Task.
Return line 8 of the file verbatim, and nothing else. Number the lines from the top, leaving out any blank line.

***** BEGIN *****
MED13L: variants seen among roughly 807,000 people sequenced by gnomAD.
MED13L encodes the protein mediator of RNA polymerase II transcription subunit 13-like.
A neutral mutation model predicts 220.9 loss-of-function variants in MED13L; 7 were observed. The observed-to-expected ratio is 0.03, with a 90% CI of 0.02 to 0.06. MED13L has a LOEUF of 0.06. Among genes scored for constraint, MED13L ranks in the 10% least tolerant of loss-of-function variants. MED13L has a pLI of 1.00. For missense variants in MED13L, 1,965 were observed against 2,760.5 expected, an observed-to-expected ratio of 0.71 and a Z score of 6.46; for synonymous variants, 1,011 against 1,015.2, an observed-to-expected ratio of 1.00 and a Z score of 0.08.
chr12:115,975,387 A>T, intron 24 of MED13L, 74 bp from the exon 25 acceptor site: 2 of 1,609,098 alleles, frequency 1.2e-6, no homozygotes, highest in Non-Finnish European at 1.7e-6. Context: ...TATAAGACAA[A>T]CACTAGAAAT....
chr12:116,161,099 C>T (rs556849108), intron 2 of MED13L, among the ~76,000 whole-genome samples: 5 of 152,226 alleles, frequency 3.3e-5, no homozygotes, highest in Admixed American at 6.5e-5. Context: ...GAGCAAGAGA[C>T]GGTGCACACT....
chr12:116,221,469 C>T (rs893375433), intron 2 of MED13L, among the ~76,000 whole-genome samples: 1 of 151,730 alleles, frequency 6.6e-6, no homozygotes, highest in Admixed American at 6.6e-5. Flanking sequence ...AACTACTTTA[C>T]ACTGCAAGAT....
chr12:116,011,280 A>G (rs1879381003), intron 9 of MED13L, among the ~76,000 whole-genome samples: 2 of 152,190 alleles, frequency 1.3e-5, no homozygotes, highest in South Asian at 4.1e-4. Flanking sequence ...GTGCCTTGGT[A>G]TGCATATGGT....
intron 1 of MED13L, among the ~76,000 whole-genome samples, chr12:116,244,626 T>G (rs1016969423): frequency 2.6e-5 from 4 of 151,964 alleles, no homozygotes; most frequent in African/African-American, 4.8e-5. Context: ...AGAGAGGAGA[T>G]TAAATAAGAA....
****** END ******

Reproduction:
intron 1 of MED13L, among the ~76,000 whole-genome samples, chr12:116,244,626 T>G (rs1016969423): frequency 2.6e-5 from 4 of 151,964 alleles, no homozygotes; most frequent in African/African-American, 4.8e-5. Context: ...AGAGAGGAGA[T>G]TAAATAAGAA....